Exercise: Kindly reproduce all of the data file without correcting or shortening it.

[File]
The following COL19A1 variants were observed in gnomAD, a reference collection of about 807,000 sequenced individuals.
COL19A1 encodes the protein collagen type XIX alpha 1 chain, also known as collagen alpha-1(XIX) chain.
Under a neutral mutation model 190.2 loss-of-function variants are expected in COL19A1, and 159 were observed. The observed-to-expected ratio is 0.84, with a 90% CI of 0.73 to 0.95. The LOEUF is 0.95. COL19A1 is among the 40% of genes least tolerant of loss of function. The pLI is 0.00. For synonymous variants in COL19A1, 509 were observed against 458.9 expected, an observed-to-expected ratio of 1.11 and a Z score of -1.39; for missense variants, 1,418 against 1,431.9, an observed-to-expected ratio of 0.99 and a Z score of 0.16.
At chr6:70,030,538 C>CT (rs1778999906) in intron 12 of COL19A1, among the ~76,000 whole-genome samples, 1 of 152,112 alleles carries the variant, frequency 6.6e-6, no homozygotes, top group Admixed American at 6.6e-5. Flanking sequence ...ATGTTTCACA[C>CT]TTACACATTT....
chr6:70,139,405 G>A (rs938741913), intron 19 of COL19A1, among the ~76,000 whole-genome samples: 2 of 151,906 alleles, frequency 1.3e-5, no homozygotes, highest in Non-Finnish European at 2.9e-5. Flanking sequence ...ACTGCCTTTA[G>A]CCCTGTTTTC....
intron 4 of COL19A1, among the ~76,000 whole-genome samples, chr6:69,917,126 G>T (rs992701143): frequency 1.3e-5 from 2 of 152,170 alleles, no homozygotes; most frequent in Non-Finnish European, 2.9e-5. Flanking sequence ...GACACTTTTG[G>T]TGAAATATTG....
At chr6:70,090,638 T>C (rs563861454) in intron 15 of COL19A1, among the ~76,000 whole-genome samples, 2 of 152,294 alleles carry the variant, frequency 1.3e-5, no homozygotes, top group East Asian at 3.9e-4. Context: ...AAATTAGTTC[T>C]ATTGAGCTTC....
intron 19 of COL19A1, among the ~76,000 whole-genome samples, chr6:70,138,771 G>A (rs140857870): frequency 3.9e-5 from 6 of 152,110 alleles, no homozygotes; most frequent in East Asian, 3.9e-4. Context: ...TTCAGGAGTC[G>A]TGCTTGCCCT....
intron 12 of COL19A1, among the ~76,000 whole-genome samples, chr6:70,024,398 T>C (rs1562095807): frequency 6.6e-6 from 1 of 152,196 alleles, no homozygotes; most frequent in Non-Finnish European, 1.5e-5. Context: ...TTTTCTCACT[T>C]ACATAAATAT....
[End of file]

The following COL19A1 variants were observed in gnomAD, a reference collection of about 807,000 sequenced individuals.
COL19A1 encodes the protein collagen type XIX alpha 1 chain, also known as collagen alpha-1(XIX) chain.
Under a neutral mutation model 190.2 loss-of-function variants are expected in COL19A1, and 159 were observed. The observed-to-expected ratio is 0.84, with a 90% CI of 0.73 to 0.95. The LOEUF is 0.95. COL19A1 is among the 40% of genes least tolerant of loss of function. The pLI is 0.00. For synonymous variants in COL19A1, 509 were observed against 458.9 expected, an observed-to-expected ratio of 1.11 and a Z score of -1.39; for missense variants, 1,418 against 1,431.9, an observed-to-expected ratio of 0.99 and a Z score of 0.16.
At chr6:70,030,538 C>CT (rs1778999906) in intron 12 of COL19A1, among the ~76,000 whole-genome samples, 1 of 152,112 alleles carries the variant, frequency 6.6e-6, no homozygotes, top group Admixed American at 6.6e-5. Flanking sequence ...ATGTTTCACA[C>CT]TTACACATTT....
chr6:70,139,405 G>A (rs938741913), intron 19 of COL19A1, among the ~76,000 whole-genome samples: 2 of 151,906 alleles, frequency 1.3e-5, no homozygotes, highest in Non-Finnish European at 2.9e-5. Flanking sequence ...ACTGCCTTTA[G>A]CCCTGTTTTC....
intron 4 of COL19A1, among the ~76,000 whole-genome samples, chr6:69,917,126 G>T (rs992701143): frequency 1.3e-5 from 2 of 152,170 alleles, no homozygotes; most frequent in Non-Finnish European, 2.9e-5. Flanking sequence ...GACACTTTTG[G>T]TGAAATATTG....
At chr6:70,090,638 T>C (rs563861454) in intron 15 of COL19A1, among the ~76,000 whole-genome samples, 2 of 152,294 alleles carry the variant, frequency 1.3e-5, no homozygotes, top group East Asian at 3.9e-4. Context: ...AAATTAGTTC[T>C]ATTGAGCTTC....
intron 19 of COL19A1, among the ~76,000 whole-genome samples, chr6:70,138,771 G>A (rs140857870): frequency 3.9e-5 from 6 of 152,110 alleles, no homozygotes; most frequent in East Asian, 3.9e-4. Context: ...TTCAGGAGTC[G>A]TGCTTGCCCT....
intron 12 of COL19A1, among the ~76,000 whole-genome samples, chr6:70,024,398 T>C (rs1562095807): frequency 6.6e-6 from 1 of 152,196 alleles, no homozygotes; most frequent in Non-Finnish European, 1.5e-5. Context: ...TTTTCTCACT[T>C]ACATAAATAT....